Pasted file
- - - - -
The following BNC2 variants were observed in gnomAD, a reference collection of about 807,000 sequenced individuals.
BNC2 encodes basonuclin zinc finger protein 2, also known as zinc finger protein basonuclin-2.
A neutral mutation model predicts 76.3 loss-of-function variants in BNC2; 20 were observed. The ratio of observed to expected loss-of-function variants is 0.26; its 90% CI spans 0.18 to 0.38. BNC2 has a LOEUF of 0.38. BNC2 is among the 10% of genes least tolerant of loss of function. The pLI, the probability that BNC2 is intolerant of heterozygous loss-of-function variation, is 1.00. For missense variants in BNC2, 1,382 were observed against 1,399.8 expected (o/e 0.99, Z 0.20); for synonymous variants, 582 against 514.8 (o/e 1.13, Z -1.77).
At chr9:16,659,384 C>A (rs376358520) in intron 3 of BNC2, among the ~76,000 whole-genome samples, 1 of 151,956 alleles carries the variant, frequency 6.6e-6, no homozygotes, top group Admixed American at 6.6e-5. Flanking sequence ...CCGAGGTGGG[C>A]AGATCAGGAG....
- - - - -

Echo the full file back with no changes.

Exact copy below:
The following BNC2 variants were observed in gnomAD, a reference collection of about 807,000 sequenced individuals.
BNC2 encodes basonuclin zinc finger protein 2, also known as zinc finger protein basonuclin-2.
A neutral mutation model predicts 76.3 loss-of-function variants in BNC2; 20 were observed. The ratio of observed to expected loss-of-function variants is 0.26; its 90% CI spans 0.18 to 0.38. BNC2 has a LOEUF of 0.38. BNC2 is among the 10% of genes least tolerant of loss of function. The pLI, the probability that BNC2 is intolerant of heterozygous loss-of-function variation, is 1.00. For missense variants in BNC2, 1,382 were observed against 1,399.8 expected (o/e 0.99, Z 0.20); for synonymous variants, 582 against 514.8 (o/e 1.13, Z -1.77).
At chr9:16,659,384 C>A (rs376358520) in intron 3 of BNC2, among the ~76,000 whole-genome samples, 1 of 151,956 alleles carries the variant, frequency 6.6e-6, no homozygotes, top group Admixed American at 6.6e-5. Flanking sequence ...CCGAGGTGGG[C>A]AGATCAGGAG....